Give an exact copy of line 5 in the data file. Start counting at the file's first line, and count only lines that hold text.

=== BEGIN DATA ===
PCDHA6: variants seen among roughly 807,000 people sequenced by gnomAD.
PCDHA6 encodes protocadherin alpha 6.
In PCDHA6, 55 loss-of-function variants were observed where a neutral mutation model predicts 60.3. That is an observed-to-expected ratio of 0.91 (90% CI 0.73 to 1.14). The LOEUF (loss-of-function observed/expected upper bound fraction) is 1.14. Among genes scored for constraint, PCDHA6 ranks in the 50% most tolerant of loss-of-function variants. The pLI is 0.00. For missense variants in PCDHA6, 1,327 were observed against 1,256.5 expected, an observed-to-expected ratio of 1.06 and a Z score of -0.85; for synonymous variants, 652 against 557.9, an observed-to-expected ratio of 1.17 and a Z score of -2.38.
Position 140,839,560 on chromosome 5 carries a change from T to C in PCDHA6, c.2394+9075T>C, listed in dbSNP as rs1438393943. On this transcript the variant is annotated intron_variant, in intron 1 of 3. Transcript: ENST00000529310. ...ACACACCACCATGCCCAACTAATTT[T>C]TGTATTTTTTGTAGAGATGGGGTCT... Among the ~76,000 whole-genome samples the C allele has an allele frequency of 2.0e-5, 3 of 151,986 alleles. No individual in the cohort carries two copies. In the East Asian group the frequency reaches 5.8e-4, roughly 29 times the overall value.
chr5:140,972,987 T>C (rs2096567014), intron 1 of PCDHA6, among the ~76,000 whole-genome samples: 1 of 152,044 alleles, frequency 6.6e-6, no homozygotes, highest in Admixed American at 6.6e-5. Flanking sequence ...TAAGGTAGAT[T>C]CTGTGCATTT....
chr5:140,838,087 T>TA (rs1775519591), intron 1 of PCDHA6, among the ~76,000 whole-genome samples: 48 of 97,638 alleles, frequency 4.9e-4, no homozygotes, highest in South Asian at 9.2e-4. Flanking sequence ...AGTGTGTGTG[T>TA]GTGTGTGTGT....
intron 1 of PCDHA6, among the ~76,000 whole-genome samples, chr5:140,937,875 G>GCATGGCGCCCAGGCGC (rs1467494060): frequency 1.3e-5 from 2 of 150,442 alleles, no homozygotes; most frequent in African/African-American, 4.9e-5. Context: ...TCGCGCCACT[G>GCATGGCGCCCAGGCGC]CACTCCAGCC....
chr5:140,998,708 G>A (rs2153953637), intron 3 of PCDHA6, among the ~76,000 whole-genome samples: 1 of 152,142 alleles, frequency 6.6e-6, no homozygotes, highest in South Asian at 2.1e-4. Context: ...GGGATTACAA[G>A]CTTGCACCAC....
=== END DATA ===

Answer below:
chr5:140,972,987 T>C (rs2096567014), intron 1 of PCDHA6, among the ~76,000 whole-genome samples: 1 of 152,044 alleles, frequency 6.6e-6, no homozygotes, highest in Admixed American at 6.6e-5. Flanking sequence ...TAAGGTAGAT[T>C]CTGTGCATTT....